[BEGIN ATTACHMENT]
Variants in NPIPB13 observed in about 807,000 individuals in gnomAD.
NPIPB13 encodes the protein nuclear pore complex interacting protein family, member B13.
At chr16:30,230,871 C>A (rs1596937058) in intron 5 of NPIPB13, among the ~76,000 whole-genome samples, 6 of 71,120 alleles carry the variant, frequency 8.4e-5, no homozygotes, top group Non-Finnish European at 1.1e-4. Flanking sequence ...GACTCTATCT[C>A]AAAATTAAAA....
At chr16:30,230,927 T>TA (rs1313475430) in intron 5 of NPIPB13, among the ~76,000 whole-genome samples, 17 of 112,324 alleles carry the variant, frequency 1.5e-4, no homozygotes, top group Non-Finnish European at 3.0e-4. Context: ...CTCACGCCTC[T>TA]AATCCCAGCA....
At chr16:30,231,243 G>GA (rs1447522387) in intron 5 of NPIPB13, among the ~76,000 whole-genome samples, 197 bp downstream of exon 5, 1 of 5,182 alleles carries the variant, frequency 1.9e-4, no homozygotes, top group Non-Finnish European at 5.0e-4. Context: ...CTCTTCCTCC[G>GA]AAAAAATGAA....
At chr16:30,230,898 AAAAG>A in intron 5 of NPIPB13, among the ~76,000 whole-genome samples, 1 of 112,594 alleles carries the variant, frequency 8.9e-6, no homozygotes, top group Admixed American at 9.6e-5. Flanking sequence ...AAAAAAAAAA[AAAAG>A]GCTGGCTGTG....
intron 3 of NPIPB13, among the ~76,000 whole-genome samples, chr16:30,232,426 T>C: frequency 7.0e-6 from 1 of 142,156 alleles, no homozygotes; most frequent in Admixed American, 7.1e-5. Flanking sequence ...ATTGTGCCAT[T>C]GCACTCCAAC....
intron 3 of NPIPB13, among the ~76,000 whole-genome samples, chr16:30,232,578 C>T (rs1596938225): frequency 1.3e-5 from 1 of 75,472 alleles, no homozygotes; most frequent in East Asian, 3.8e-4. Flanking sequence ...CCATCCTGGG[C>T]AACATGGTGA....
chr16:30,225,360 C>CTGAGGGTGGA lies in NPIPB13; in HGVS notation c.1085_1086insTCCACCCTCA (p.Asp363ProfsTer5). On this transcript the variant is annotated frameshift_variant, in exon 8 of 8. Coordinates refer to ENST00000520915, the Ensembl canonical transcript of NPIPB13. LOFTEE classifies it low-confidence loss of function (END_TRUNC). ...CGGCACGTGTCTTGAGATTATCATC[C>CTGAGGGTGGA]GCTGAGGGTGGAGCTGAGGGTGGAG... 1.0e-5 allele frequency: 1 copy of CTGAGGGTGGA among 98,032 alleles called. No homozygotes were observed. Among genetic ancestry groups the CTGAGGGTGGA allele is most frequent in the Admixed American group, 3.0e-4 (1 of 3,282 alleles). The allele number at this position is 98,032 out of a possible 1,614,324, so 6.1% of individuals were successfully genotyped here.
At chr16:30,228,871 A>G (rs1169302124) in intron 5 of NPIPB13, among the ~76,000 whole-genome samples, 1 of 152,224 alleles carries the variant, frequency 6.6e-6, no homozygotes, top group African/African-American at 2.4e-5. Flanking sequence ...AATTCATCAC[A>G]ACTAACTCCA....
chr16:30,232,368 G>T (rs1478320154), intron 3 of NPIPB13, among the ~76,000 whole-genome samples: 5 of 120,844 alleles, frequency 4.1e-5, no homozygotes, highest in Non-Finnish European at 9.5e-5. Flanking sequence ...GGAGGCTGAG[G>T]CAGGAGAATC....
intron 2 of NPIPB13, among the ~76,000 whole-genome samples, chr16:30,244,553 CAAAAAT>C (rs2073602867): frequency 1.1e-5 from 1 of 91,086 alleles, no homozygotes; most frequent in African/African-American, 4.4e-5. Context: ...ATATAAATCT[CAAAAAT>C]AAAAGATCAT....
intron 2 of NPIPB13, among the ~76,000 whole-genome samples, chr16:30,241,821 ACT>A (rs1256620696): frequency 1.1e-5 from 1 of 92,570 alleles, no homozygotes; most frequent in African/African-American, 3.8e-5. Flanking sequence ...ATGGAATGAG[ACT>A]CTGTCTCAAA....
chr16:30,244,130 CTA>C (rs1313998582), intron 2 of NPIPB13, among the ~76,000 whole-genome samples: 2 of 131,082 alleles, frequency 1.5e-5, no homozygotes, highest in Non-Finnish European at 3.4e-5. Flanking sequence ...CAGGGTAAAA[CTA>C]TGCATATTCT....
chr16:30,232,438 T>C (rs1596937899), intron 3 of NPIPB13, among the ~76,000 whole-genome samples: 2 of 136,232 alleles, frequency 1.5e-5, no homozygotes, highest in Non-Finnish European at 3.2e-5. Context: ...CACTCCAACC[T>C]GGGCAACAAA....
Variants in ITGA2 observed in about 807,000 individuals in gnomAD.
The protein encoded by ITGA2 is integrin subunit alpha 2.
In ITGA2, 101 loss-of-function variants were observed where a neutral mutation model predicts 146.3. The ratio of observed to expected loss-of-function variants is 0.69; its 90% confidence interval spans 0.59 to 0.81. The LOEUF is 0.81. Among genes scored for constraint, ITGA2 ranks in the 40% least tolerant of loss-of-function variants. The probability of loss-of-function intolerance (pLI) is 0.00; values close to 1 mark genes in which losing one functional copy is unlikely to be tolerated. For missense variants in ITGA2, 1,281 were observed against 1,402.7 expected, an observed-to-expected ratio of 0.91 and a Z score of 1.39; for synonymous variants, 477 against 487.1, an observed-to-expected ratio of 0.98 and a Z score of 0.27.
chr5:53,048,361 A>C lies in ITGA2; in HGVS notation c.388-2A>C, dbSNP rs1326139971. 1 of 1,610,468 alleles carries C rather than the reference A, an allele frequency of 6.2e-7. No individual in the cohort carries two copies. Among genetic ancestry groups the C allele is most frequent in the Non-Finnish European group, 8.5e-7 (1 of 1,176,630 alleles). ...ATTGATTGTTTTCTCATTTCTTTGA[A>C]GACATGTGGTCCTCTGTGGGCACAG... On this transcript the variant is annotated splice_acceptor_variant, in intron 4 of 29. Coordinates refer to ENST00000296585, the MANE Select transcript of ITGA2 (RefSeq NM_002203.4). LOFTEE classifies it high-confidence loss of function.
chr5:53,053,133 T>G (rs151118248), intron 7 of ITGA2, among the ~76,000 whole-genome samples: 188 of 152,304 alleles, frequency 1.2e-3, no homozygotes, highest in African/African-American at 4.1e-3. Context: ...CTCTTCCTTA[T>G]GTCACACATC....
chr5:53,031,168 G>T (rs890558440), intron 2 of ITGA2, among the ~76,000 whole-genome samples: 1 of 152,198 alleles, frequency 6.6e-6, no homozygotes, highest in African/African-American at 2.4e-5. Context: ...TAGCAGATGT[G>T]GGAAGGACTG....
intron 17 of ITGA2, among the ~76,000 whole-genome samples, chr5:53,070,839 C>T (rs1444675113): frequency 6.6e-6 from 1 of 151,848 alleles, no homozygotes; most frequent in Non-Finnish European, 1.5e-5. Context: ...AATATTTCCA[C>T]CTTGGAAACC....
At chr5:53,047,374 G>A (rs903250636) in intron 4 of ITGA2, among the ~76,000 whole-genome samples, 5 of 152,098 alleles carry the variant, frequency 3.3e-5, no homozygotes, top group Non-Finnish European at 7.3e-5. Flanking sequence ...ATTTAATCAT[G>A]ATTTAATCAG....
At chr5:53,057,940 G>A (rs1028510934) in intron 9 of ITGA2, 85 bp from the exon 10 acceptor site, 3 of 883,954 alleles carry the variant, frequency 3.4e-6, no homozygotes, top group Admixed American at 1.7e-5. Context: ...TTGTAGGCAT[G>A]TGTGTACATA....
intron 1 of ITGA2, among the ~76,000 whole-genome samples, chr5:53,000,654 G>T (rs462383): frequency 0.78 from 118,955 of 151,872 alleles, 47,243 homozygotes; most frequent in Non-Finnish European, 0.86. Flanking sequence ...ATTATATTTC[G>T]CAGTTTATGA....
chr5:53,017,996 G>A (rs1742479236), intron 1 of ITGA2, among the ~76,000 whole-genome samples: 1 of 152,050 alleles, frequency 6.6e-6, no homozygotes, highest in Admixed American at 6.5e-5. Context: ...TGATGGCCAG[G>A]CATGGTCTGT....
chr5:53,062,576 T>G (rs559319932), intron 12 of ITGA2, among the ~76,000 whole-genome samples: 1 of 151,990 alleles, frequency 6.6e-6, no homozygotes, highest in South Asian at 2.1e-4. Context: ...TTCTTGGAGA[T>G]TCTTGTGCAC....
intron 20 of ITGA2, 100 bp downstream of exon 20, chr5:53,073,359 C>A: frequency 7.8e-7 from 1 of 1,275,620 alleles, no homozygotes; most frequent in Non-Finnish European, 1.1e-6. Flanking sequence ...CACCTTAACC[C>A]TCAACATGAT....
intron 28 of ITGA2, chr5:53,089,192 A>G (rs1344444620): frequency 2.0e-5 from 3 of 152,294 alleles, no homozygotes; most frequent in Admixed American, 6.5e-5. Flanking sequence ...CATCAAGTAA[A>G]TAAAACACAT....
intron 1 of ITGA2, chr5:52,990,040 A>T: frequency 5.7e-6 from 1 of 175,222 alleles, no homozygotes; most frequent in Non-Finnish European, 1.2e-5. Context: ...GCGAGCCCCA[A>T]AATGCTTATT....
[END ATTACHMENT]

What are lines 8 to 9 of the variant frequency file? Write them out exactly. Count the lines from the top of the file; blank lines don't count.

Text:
intron 3 of NPIPB13, among the ~76,000 whole-genome samples, chr16:30,232,578 C>T (rs1596938225): frequency 1.3e-5 from 1 of 75,472 alleles, no homozygotes; most frequent in East Asian, 3.8e-4. Flanking sequence ...CCATCCTGGG[C>T]AACATGGTGA....
chr16:30,225,360 C>CTGAGGGTGGA lies in NPIPB13; in HGVS notation c.1085_1086insTCCACCCTCA (p.Asp363ProfsTer5). On this transcript the variant is annotated frameshift_variant, in exon 8 of 8. Coordinates refer to ENST00000520915, the Ensembl canonical transcript of NPIPB13. LOFTEE classifies it low-confidence loss of function (END_TRUNC). ...CGGCACGTGTCTTGAGATTATCATC[C>CTGAGGGTGGA]GCTGAGGGTGGAGCTGAGGGTGGAG... 1.0e-5 allele frequency: 1 copy of CTGAGGGTGGA among 98,032 alleles called. No homozygotes were observed. Among genetic ancestry groups the CTGAGGGTGGA allele is most frequent in the Admixed American group, 3.0e-4 (1 of 3,282 alleles). The allele number at this position is 98,032 out of a possible 1,614,324, so 6.1% of individuals were successfully genotyped here.